Director Rose Kreston, right front, with Student Disability Center staff Kathleen Ivy and service dog Duncan; Gina Burd; Terry Schlicting; Amanda Wimmer; Dede Kliewer; Alisha Zmuda; Brooke Simmons, and Nico Gowdy in front of the TILT Building on the Oval. Photo by William A. Cotton, CSU Photography.
Colorado State University’s Student Disability Center (formerly Resources for Disabled Students) celebrated its 40th anniversary last year. Created in 1978 in response to new federal mandates, the center has had as its mission to provide support to students as they navigate the university that often seems at odds with their human characteristics. These human characteristics affect or limit their mobility, their sight, their hearing, their learning, and/or their day-to-day living in ways that might not be discernible on the surface. These characteristics are often referred to as disabilities.
The traditional perspective of disability sees it as a stigmatized personal defect, deviance or abnormality. This “medical model” approach often results in responses that focus on the person as having a “problem” and to “help” them. Granted, some of the ‘help’ is beneficial if it minimizes the effects of the limitation. For example, a wheelchair is essential for someone who cannot walk and a sign language interpreter is essential for someone who is deaf.
These responsive efforts are meant to help the person function in, or “fit into,” the environment but may not give much regard as to how well the person is able to function or “fit in.” The limitation may be mitigated but that is only part of the picture.
The Student Disability Center views disability through a different lens. The federal mandates do not call for us to “help” a person “fit in.” Rather, they call us and the university to prohibit discrimination based on the human characteristic of having a disability/limitation. This perspective has been described as a “social model” of disability, which encompasses social justice as its core.
Social model perspective
We know that discrimination produces unjust treatment and outcomes as reflected in behavior that emanates from an environment that was not designed to include those with disabilities. A social model perspective understands that a disabled experience is created when the human characteristics affecting a person’s ability to walk, see, hear, learn and/or simply live day to day interact with an environment that did not consider they would be there.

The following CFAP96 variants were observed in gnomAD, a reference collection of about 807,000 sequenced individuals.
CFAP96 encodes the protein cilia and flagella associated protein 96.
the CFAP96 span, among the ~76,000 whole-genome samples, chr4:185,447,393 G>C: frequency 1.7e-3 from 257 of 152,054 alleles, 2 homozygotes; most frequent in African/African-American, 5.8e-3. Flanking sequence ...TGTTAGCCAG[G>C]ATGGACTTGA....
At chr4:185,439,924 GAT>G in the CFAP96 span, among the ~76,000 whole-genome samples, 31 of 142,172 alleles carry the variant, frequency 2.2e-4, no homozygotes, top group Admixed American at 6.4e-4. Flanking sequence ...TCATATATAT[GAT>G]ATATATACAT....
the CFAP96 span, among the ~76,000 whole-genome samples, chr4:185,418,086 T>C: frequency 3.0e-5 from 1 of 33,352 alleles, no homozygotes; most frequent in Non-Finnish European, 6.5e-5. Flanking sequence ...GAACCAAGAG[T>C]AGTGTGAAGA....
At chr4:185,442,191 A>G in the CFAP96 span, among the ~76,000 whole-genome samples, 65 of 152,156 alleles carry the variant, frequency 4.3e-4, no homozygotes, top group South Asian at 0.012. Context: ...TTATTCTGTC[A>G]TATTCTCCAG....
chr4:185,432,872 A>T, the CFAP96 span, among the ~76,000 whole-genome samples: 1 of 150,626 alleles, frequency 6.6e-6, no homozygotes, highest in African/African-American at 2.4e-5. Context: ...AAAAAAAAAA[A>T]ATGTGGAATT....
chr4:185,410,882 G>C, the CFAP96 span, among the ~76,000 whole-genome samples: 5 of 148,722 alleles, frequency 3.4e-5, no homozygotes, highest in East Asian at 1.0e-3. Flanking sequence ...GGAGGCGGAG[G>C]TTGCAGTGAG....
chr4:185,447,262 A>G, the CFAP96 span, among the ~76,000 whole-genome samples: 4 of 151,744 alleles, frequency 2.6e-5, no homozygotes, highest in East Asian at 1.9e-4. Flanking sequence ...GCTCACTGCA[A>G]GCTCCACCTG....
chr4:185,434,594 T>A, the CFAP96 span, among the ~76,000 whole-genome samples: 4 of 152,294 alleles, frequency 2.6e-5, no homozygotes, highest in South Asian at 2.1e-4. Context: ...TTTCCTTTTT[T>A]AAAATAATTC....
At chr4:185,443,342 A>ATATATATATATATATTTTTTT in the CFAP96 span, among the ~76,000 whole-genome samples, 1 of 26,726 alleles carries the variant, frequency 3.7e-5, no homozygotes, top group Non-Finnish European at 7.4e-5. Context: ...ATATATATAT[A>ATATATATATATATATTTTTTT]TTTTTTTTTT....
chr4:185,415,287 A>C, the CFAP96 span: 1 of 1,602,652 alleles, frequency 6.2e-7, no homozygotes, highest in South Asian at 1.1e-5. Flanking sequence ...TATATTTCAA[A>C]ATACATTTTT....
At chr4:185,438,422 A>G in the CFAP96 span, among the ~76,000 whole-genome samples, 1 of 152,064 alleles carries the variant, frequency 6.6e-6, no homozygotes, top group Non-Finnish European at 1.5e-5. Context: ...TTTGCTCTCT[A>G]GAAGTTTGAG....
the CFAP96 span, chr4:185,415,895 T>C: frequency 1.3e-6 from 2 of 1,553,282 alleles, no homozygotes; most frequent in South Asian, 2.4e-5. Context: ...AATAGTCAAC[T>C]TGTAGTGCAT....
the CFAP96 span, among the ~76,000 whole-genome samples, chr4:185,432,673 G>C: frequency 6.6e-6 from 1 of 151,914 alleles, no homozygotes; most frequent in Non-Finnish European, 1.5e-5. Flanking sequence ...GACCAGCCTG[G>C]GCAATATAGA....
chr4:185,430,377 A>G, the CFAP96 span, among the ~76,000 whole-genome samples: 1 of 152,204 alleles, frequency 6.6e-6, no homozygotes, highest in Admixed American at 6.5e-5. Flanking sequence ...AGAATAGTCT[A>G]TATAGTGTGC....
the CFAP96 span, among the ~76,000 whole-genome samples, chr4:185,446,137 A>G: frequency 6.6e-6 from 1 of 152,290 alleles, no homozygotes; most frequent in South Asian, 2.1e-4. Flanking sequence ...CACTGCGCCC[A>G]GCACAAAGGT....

In addition to the built environment, policies and practices that reflect a bias toward those without disabilities create an unjust environment that expects the person with the limitation to function as if they did not have the limitation.
We have students on this campus with disabilities that encompass a wide variety of limitations. The majority of the limitations of the students may not be apparent and can often be more disabling than more recognizable limitations (e.g., not able to walk, see, or hear). For example, a student with a mental health condition may experience unexpected effects of the condition and therefore may not be able to attend class or get an assignment done by a specific deadline. A student with a learning disability may not be able to process what they read on an exam or formulate their answer in a set time frame.
The accommodation we ask of the environment (i.e., faculty) is flexibility and/or extra time to give students the equitable opportunity to demonstrate their learning. The extra time or flexibility is not an advantage; it is an accommodation for the student to meet the learning objectives of the class without the disabling effect of the barrier that tests their limitation rather than their knowledge.
Higher education is a system that was once designed for a select group of individuals who “fit” a certain mold. While the mold may have been broken, we still have a system that too often creates barriers based on that original mold. We’ve made some changes to the built environment with more accessible buildings, but there is more to an environment than buildings. We still expect students to hear lectures, read books, meet attendance expectations, and adhere to specific time limits.
On behalf of students with disabilities, we ask the environment to consider and reconsider the way we do the business of educating students with all sorts of human characteristics. Acquiring a limitation of ability happens to someone every day. While living with a disability is part of the human experience, the SDC is dedicated to ensuring students are not further limited by an environment designed without consideration to their abilities as well as disabilities.
Rosemary Kreston has been the director of the Student Disability Center since 1980.